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1. The problem statement, all variables and given/known data
Find a function f(x,y,z) such that F = (gradient of F).

3. The attempt at a solution
I don't know :(
I'm so confused

 tiny-tim Apr4-12 04:46 AM

Quote:
 Quote by calculusisrad (Post 3849202) Find a function f(x,y,z) such that F = (gradient of F).
do you mean "Find a function f(x,y,z) such that F = (gradient of f)" ?

i don't understand either :confused:

is either f or F given in the question?

Sorry, yes you're right. The gradient of f should not be bolded.

 1MileCrash Apr4-12 01:15 PM

Think about what a gradient is. If I told you to find the gradient of a function, what would you do?

You would differentiate the function wrt x, and that is the i component of the gradient, you would differentiate the function wrt y, and that is the j component, and then you would differentiate the function wrt z, and that is the k component.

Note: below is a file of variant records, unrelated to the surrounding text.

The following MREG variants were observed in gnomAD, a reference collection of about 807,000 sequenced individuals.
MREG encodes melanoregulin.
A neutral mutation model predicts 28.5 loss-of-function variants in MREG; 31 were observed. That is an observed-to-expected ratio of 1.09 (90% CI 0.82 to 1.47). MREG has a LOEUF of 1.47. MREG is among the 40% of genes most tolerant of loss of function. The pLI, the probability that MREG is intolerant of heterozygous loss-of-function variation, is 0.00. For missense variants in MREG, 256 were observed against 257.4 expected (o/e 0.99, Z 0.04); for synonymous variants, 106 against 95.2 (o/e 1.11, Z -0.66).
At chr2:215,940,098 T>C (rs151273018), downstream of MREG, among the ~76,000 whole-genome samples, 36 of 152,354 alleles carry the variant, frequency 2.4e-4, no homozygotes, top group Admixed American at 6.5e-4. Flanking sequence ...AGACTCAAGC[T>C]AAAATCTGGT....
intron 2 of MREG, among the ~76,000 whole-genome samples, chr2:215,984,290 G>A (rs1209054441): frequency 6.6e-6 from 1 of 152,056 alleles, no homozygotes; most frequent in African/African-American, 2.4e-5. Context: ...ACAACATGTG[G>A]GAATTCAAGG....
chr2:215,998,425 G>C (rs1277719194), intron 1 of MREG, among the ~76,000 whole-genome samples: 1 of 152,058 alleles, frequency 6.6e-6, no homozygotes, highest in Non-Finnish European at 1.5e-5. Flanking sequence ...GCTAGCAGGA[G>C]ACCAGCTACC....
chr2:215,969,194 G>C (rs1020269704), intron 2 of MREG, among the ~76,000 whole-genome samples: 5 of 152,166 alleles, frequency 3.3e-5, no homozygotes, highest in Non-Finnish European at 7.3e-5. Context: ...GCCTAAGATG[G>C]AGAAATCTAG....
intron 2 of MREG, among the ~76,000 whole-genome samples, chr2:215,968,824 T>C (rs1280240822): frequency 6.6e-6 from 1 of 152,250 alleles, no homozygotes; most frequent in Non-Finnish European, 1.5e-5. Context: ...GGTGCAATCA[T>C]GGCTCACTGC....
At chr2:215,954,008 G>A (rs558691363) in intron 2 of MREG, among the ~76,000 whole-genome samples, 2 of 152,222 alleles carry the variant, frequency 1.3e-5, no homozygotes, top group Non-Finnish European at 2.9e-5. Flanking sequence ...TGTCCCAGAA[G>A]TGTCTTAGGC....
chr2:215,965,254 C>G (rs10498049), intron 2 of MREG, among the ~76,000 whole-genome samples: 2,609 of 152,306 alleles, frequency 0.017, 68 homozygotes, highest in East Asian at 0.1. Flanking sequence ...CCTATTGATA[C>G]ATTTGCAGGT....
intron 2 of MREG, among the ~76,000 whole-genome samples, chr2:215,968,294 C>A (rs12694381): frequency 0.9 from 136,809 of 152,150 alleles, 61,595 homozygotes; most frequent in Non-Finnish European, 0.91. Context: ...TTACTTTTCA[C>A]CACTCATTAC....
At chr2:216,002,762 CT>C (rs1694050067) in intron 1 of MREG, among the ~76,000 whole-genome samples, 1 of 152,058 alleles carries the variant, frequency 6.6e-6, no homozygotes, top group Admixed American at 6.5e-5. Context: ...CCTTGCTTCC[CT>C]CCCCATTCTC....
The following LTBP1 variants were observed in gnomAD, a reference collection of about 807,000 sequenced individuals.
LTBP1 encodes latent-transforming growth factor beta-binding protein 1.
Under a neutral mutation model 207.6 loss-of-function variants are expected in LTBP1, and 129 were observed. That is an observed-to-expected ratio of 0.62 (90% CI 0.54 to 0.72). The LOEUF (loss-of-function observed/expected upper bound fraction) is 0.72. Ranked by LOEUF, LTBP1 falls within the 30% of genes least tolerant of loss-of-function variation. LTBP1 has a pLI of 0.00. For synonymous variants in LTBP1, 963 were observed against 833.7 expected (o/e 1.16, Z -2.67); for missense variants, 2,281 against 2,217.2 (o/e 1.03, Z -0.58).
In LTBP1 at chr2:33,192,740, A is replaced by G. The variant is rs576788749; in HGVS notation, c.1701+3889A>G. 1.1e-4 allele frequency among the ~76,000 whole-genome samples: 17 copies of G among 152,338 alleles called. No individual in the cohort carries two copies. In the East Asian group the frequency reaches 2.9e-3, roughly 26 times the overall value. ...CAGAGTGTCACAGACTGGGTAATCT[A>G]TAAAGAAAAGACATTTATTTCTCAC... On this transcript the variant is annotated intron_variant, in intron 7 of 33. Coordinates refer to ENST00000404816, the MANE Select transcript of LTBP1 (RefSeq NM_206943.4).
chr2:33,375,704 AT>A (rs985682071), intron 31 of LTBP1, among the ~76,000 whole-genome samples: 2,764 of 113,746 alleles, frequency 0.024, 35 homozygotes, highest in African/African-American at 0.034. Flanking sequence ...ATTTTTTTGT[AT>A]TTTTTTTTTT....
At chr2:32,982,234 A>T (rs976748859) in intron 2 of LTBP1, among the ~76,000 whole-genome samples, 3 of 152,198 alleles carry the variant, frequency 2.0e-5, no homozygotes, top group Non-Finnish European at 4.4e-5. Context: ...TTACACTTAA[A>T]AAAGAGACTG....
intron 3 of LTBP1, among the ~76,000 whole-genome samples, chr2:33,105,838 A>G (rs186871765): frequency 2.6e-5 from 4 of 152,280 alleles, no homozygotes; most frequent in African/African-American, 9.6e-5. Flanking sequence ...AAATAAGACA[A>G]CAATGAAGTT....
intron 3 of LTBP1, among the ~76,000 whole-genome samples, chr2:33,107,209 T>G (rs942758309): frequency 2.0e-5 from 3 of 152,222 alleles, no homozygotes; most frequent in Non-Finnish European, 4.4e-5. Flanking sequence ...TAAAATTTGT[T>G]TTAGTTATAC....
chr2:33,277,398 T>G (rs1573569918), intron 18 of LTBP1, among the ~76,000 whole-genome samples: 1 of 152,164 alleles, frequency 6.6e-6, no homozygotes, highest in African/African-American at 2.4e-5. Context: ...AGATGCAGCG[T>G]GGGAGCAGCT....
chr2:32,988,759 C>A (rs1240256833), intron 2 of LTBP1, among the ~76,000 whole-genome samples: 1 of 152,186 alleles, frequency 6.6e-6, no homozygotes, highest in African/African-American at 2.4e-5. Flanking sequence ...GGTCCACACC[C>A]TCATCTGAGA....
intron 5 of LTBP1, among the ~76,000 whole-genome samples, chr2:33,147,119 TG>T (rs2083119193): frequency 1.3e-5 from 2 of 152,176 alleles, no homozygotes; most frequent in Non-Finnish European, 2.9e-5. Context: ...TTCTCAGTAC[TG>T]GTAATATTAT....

Now, we are going in reverse. What is the reverse of differentiation?

I completely forgot the biggest part of the problem. WOW. Sorry about that!!!

Let F = (2xye^z)i + ((e^z)(x^2))j + ((x^2)y(e^z)+(z^2))k

NOW find a function f(x,y,z) such that F = Gradient of f.

 DivisionByZro Apr4-12 09:53 PM

This was due last Thursday, I'm horribly behind on homework, I'm desperate here.

 Dick Apr4-12 10:16 PM

Quote:
 Quote by calculusisrad (Post 3850566) This was due last Thursday, I'm horribly behind on homework, I'm desperate here.
It's pretty easy to guess a form for f that works. Start guessing. That's often the easiest way to solve problems like this. What's a likely form for f given the first component of F?

 HallsofIvy Apr5-12 07:09 AM

$\frac{\partial f}{\partial x}=$ what?
$\frac{\partial f}{\partial y}=$ what?
$\frac{\partial f}{\partial z}=$ what?